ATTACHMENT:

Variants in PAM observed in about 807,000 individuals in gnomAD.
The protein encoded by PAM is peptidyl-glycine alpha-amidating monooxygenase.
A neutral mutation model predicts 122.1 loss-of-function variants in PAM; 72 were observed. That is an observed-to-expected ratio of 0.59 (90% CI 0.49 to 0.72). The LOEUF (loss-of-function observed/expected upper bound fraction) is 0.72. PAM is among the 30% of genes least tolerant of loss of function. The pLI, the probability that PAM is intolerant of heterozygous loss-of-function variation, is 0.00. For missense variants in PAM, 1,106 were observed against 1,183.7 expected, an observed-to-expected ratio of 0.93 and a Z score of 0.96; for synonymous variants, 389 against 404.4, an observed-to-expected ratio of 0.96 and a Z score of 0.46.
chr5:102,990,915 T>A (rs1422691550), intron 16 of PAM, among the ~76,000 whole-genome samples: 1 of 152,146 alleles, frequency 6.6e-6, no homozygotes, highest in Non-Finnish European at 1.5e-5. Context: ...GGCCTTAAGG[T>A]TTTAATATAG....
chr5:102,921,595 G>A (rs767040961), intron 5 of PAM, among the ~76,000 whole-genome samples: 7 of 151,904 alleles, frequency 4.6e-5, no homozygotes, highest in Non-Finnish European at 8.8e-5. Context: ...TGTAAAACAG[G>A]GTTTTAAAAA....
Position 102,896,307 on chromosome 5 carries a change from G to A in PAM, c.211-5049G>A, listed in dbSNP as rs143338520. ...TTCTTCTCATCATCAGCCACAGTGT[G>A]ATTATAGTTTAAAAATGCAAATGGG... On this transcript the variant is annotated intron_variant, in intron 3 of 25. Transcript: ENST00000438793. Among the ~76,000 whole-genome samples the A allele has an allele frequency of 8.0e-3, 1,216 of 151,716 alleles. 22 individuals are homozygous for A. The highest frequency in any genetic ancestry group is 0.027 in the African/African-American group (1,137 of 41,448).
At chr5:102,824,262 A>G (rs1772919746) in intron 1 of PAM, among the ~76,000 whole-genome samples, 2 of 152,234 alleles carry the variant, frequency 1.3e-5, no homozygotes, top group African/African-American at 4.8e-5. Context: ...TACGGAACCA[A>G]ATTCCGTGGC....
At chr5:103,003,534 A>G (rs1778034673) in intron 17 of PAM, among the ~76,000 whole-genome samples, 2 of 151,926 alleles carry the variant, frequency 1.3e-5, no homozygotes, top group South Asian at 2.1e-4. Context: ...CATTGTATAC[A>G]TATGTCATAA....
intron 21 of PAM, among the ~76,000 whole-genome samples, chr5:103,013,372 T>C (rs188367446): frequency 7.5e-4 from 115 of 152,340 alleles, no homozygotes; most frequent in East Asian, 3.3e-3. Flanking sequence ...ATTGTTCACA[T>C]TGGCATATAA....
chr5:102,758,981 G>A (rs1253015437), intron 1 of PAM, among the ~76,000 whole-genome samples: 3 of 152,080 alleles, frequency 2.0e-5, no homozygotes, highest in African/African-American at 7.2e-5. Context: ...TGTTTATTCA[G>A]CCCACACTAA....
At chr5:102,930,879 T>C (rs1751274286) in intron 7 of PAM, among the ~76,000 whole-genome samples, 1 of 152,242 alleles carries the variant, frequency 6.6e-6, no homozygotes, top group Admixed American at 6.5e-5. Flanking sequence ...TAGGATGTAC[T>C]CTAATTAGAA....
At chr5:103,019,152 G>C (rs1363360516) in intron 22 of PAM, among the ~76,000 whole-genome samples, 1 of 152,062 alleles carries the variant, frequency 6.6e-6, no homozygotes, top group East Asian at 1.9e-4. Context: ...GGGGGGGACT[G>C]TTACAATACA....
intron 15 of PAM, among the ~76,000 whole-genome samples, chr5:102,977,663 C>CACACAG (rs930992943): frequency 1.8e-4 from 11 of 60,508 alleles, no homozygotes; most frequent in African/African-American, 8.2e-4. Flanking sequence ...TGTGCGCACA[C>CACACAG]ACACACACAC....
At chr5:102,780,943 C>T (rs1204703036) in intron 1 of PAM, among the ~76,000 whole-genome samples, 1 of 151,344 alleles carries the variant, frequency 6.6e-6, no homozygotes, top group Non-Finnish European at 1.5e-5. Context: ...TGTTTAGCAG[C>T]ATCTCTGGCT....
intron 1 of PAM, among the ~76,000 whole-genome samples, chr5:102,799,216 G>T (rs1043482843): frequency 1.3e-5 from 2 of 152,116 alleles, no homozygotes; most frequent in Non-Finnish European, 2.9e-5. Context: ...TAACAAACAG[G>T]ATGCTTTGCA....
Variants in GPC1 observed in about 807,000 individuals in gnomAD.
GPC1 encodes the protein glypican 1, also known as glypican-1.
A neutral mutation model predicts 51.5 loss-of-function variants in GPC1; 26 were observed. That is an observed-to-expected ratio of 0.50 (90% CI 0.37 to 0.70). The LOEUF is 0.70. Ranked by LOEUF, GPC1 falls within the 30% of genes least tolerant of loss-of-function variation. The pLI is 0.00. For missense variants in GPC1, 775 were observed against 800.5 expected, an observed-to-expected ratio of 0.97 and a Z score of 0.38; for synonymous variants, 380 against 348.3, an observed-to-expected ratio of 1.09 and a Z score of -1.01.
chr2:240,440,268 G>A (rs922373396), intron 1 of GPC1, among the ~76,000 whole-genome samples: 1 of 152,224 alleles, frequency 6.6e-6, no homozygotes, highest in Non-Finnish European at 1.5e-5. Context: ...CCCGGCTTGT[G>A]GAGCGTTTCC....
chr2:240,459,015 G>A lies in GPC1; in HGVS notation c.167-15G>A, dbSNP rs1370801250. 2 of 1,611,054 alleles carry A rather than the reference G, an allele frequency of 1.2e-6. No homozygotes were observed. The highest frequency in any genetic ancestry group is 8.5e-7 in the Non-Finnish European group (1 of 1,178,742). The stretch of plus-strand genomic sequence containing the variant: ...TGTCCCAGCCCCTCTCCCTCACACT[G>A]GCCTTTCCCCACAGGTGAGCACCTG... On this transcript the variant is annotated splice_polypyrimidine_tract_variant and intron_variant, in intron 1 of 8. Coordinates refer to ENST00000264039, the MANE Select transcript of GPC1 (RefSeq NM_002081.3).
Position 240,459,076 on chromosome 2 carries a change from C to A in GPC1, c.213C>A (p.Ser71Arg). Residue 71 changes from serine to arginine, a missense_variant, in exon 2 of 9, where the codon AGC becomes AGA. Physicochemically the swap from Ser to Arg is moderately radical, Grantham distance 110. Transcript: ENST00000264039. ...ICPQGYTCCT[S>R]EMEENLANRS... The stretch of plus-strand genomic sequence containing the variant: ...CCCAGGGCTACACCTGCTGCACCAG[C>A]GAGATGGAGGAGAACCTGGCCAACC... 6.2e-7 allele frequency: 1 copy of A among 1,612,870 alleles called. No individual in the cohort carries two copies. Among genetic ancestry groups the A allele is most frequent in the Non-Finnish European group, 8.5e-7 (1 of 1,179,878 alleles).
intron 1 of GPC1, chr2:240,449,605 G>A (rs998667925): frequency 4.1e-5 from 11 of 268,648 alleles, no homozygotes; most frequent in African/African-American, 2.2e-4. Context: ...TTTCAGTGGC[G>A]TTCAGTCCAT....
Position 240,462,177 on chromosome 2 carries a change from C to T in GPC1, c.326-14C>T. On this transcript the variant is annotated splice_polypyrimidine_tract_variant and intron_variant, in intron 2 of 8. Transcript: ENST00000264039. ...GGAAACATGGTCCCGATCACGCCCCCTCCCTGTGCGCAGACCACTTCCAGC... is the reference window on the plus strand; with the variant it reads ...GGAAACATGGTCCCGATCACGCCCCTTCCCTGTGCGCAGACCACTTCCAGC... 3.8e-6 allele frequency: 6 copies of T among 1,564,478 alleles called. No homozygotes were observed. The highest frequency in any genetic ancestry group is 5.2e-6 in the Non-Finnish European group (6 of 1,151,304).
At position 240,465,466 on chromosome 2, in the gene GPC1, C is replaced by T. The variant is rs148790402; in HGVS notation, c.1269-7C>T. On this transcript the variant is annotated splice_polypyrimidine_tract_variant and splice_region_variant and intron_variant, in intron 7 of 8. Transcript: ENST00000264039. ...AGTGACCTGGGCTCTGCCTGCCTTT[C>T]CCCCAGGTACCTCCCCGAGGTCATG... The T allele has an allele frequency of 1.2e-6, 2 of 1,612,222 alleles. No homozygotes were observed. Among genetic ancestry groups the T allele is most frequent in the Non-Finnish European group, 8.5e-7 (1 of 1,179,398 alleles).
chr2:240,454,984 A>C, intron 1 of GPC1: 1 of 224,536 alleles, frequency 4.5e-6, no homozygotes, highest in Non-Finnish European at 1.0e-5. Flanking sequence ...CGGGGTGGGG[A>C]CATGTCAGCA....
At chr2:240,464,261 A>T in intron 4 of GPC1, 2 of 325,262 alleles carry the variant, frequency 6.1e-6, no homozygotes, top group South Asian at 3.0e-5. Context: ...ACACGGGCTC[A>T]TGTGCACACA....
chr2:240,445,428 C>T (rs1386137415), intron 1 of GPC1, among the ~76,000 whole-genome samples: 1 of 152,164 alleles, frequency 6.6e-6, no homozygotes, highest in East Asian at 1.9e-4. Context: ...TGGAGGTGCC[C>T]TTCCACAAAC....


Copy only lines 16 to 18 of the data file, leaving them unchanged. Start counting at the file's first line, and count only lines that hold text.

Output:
Variants in GPC1 observed in about 807,000 individuals in gnomAD.
GPC1 encodes the protein glypican 1, also known as glypican-1.
A neutral mutation model predicts 51.5 loss-of-function variants in GPC1; 26 were observed. That is an observed-to-expected ratio of 0.50 (90% CI 0.37 to 0.70). The LOEUF is 0.70. Ranked by LOEUF, GPC1 falls within the 30% of genes least tolerant of loss-of-function variation. The pLI is 0.00. For missense variants in GPC1, 775 were observed against 800.5 expected, an observed-to-expected ratio of 0.97 and a Z score of 0.38; for synonymous variants, 380 against 348.3, an observed-to-expected ratio of 1.09 and a Z score of -1.01.